The following Arbitration guidance note provides comprehensive and up to date legal information covering:
An arbitral award can be challenged or appealed under the Arbitration Act 1996 (AA 1996) only on limited grounds; this is consistent with the Act’s overall purpose to ensure the efficient and final resolution of disputes settled by arbitration.
A party can:
challenge an award in the national courts of the place it was made (ie the seat of the arbitration) to attempt to have it annulled or set aside in whole or in part, or
wait until the successful party seeks to enforce the award and resist enforcement under the New York Convention (or other applicable instrument or law) at that stage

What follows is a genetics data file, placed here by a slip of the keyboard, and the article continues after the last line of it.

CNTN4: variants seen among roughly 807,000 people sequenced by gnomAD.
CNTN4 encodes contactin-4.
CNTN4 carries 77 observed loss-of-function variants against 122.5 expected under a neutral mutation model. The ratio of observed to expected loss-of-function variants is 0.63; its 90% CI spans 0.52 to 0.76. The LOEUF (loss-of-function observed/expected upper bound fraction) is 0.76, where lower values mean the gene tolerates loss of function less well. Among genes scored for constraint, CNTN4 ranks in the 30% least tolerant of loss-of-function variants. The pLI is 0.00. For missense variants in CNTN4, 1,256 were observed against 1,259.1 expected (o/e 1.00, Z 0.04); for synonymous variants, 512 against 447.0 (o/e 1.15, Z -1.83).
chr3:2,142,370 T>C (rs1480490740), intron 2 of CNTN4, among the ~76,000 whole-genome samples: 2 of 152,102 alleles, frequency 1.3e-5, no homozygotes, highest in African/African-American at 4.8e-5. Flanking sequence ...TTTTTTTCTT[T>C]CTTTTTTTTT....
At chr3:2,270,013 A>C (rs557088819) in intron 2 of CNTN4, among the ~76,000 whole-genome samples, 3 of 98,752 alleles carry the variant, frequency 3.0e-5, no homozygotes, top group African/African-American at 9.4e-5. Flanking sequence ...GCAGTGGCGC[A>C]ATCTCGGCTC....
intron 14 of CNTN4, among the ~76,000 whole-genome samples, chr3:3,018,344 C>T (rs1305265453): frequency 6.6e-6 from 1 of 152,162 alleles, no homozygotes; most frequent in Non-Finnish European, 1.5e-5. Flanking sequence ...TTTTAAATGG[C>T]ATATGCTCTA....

The grounds for challenging an award before the courts of England and Wales (England is used as a convenient shorthand in this Practice Note) under AA 1996 are:
lack of substantive jurisdiction of the tribunal (AA 1996, s 67)—for specific guidance, see Practice Note: AA 1996—challenging substantive jurisdiction post-award (s 67)
on grounds of serious irregularity that has caused or will cause substantial injustice to the applicant (AA 1996, s 68)—for specific guidance, see Practice Notes: AA 1996—challenging the award on grounds of serious irregularity (s 68) and Challenging the award—categories of serious irregularity (s 68)
an appeal on a point of law (AA 1996, s 69)—for specific guidance, see
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